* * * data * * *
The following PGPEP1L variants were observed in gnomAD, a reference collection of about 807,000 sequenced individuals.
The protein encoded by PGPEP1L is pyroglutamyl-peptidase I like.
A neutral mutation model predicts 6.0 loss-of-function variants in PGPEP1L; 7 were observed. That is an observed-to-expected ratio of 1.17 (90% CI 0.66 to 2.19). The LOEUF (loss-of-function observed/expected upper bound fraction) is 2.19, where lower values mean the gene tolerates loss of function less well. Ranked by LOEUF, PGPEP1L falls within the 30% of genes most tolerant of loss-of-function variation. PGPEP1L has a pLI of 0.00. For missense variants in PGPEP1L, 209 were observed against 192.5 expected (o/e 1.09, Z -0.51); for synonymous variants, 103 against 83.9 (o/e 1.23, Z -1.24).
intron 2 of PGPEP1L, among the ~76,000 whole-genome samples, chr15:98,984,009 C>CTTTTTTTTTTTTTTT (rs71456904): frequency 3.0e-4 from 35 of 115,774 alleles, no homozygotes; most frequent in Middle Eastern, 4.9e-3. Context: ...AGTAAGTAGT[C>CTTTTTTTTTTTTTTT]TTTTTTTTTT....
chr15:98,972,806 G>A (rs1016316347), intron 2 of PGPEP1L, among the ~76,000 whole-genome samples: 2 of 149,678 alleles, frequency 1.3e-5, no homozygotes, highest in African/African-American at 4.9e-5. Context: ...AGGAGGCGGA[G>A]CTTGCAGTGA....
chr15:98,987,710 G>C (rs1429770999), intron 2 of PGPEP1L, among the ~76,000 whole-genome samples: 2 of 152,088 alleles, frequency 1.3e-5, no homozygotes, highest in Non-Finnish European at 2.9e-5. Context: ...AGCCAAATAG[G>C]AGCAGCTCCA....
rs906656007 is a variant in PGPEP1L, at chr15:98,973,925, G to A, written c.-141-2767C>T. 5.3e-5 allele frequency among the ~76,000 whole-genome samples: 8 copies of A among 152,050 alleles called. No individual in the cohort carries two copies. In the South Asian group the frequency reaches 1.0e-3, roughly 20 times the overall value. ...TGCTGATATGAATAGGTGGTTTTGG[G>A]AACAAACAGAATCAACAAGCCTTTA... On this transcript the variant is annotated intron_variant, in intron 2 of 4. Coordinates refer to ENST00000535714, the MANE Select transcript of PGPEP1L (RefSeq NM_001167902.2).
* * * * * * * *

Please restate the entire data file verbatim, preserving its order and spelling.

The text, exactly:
The following PGPEP1L variants were observed in gnomAD, a reference collection of about 807,000 sequenced individuals.
The protein encoded by PGPEP1L is pyroglutamyl-peptidase I like.
A neutral mutation model predicts 6.0 loss-of-function variants in PGPEP1L; 7 were observed. That is an observed-to-expected ratio of 1.17 (90% CI 0.66 to 2.19). The LOEUF (loss-of-function observed/expected upper bound fraction) is 2.19, where lower values mean the gene tolerates loss of function less well. Ranked by LOEUF, PGPEP1L falls within the 30% of genes most tolerant of loss-of-function variation. PGPEP1L has a pLI of 0.00. For missense variants in PGPEP1L, 209 were observed against 192.5 expected (o/e 1.09, Z -0.51); for synonymous variants, 103 against 83.9 (o/e 1.23, Z -1.24).
intron 2 of PGPEP1L, among the ~76,000 whole-genome samples, chr15:98,984,009 C>CTTTTTTTTTTTTTTT (rs71456904): frequency 3.0e-4 from 35 of 115,774 alleles, no homozygotes; most frequent in Middle Eastern, 4.9e-3. Context: ...AGTAAGTAGT[C>CTTTTTTTTTTTTTTT]TTTTTTTTTT....
chr15:98,972,806 G>A (rs1016316347), intron 2 of PGPEP1L, among the ~76,000 whole-genome samples: 2 of 149,678 alleles, frequency 1.3e-5, no homozygotes, highest in African/African-American at 4.9e-5. Context: ...AGGAGGCGGA[G>A]CTTGCAGTGA....
chr15:98,987,710 G>C (rs1429770999), intron 2 of PGPEP1L, among the ~76,000 whole-genome samples: 2 of 152,088 alleles, frequency 1.3e-5, no homozygotes, highest in Non-Finnish European at 2.9e-5. Context: ...AGCCAAATAG[G>C]AGCAGCTCCA....
rs906656007 is a variant in PGPEP1L, at chr15:98,973,925, G to A, written c.-141-2767C>T. 5.3e-5 allele frequency among the ~76,000 whole-genome samples: 8 copies of A among 152,050 alleles called. No individual in the cohort carries two copies. In the South Asian group the frequency reaches 1.0e-3, roughly 20 times the overall value. ...TGCTGATATGAATAGGTGGTTTTGG[G>A]AACAAACAGAATCAACAAGCCTTTA... On this transcript the variant is annotated intron_variant, in intron 2 of 4. Coordinates refer to ENST00000535714, the MANE Select transcript of PGPEP1L (RefSeq NM_001167902.2).